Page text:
In what will be remembered as the year of the cryptocurrency boom, almost daily there has been a different cryptocurrency whose price skyrockets. Such is the case of **Ripple (XRP)**, which this Friday, December 29, has reached a new all-time high of 1.90 per unit, according to data from CoinMarketCap. With this, it is currently the second largest cryptocurrency by market capitalization. The rise is due to the fact that this week, SBI Holdings, a financial firm in Asia, and SBI Ripple Asia, a joint venture created by SBI Holdings and Ripple, announced that they would use their RippleNet network.
Considered the **cryptocurrency of banks**, Ripple is a virtual real-time payment system based on blockchain technology that is used by financial institutions as a faster and cheaper way than their traditional backup systems, as it allows them to send and receive money and settle **transactions at a speed of between 5 and 10 seconds** (much faster than Bitcoin). In addition, it allows conversion between different currencies and cryptocurrencies. This is the story of Ripple and what are its main differences with Bitcoin.
What is blockchain technology and why is it so important?
Ripple’s story predates the launch of Bitcoin, and the goal of its creators was also to make a decentralized financial system that offered financial sovereignty to individuals and that would grant anyone the ability to “be their own bank.” It was conceived since **2004** by **Ryan Fugger**, who created the first payment system **RipplePay**. Jed McCaleb began developing in 2011 a digital financial system in which transactions were verified by consensus among members of the network, rather than the mining process used by Bitcoin. In August 2012, Jed McCaleb hired Chris Larsen and they approached Ryan Fugger, who ended up handing them the reins of the project.
In September 2012, Larsen and McCaleb co-founded OpenCoin, the San Francisco-based corporation that initiated the development of the Ripple protocol, as well as the exchange network. In July 2013, McCaleb parted ways with the company and, on September 26 of that same year, OpenCoin changed its name to Ripple Labs, Inc.
Ripple ran into trouble with the law in 2015, as it was fined $700,000 by the U.S. Treasury’s Financial Crimes Network for violating the Bank Secrecy Act by acting as a money services company without being properly registered. In October of that year, the company changed its name again to **Ripple**, but it was not until June 13, 2016** that it obtained **license** to operate as a digital currency from the New York State Department of Financial Services.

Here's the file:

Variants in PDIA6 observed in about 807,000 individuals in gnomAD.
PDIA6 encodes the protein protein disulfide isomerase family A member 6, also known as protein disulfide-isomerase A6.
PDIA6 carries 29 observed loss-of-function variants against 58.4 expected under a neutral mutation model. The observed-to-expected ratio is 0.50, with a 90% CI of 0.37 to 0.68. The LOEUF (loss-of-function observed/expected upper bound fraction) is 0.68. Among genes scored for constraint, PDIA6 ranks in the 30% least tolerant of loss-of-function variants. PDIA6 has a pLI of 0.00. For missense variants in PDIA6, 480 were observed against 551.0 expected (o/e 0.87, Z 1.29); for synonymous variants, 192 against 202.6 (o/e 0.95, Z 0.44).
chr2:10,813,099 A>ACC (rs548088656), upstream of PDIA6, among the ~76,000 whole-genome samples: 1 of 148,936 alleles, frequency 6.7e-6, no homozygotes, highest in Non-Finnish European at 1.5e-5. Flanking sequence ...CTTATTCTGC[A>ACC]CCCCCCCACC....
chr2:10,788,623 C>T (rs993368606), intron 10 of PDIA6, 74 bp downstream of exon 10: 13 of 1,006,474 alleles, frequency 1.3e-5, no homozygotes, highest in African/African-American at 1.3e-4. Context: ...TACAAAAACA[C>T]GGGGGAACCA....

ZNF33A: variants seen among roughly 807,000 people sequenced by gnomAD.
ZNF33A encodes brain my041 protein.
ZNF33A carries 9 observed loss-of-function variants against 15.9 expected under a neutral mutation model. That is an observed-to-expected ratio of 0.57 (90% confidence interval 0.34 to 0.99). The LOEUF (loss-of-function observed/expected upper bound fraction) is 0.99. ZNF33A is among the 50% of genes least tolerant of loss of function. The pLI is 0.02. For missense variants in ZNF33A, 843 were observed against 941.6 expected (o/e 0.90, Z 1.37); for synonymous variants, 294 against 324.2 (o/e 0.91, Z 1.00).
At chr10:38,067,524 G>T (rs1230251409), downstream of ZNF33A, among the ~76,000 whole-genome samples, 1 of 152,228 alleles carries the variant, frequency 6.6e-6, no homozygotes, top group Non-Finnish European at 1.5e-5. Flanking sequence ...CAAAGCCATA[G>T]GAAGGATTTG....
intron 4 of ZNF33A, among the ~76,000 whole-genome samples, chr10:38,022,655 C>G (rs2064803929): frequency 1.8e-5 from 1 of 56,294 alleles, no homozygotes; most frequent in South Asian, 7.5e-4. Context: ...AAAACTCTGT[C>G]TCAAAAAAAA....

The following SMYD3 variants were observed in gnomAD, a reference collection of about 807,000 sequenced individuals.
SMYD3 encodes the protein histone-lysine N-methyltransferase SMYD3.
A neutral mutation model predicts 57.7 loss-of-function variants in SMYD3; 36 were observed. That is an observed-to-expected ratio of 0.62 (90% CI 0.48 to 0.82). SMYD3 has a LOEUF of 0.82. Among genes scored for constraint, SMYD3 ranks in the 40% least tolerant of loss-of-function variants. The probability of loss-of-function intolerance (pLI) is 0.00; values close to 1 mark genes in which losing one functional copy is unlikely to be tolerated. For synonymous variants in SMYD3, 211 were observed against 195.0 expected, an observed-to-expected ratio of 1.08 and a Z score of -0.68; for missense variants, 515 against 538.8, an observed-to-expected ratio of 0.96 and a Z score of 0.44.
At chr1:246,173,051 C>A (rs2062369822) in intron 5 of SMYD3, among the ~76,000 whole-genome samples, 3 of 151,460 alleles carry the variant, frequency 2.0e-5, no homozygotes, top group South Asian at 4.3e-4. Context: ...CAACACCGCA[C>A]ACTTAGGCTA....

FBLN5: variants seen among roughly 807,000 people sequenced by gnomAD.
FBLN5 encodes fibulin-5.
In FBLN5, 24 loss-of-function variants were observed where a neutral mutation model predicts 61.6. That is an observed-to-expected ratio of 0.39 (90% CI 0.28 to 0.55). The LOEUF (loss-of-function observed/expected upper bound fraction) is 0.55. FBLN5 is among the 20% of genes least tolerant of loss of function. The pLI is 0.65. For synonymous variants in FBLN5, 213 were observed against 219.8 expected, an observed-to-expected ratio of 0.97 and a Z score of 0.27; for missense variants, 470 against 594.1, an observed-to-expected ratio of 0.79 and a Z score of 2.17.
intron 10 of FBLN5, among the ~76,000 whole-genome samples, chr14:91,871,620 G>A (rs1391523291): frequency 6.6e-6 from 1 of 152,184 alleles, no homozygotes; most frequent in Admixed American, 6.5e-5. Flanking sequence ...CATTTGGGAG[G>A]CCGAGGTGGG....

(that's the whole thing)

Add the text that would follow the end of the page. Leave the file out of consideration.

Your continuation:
By September 2016, Ripple had raised $55 million from its early investors, and has since been joined by more dominant participants in the financial system. These include Accenture Ventures, SCB Digital Ventures, Siam Commercial Bank, Santander, Bank of America/Merrill Lynch, UniCredit, Standard Chartered, Westpac, the Royal Bank of Canada and, most recently, BBVA. Last November, Ripple partnered with American Express (AMEX) to create the infrastructure for a payments system based on blockchain technology focused on Business to Business (B2B) payments.
### How it differs from Bitcoin
First, there are three parts to Ripple: the parent company **Ripple Labs** led by CEO Brad Garlinghouse, the payment network **RippleNet** that is now used by AMEX, and the Ripple network’s settlement token, the **XRP**. Ripple’s network of nodes is like the Bitcoin blockchain, but it is not a blockchain as it has no mining operations and only transactions verified by various parties to achieve consensus. That means no new Ripple coins will be created. In fact, Ripple Labs owns 60 billion of the existing 100 billion XRP. That’s why the **success** of the Ripple network ** does not depend on the price** of XRP.
Each Ripple **node** is itself like a local exchange system** or a PayPal, so you can connect traditional and alternative payment systems on a single network. The difference of Ripple with payment systems such as PayPal is that there is **there is no central authority**, since no node has greater capacity than the rest. Rather, it operates as a system that forms a **decentralized mutualist bank**.
### Present and future of Ripple
**Coinbase**, one of the largest digital marketplaces, **does not yet offer Ripple**. To buy XRP, some of the options are Kraken, Bitstamp, ShapeShift, Bitso or GateHub. And, while XRP is used by banks, that doesn’t exempt it from being extremely volatile like the rest of the digital currencies. It has had a great year since it added high-profile partners such as AMEX and, last month, was added by *Bloomberg* to its terminals. However, although this Friday XRP reached all-time highs and has grown 40 times its size throughout this year, **nothing ensures that tomorrow its value will not fall**.
Ripple is not a favorite within the bitcoin community, but it is a favorite within the investor community. If RippleNet manages to make shape as an integral part of the financial industry or the standard protocol for interbank payments, then it could consolidate and continue to rise in price. However, the **odds of its failure are very high**. The main criticism against Ripple is that it will be superseded in the long term by **Stellar (XML)**, an open-source hybrid blockchain that is also used as an equitable payment system for individuals and banks.
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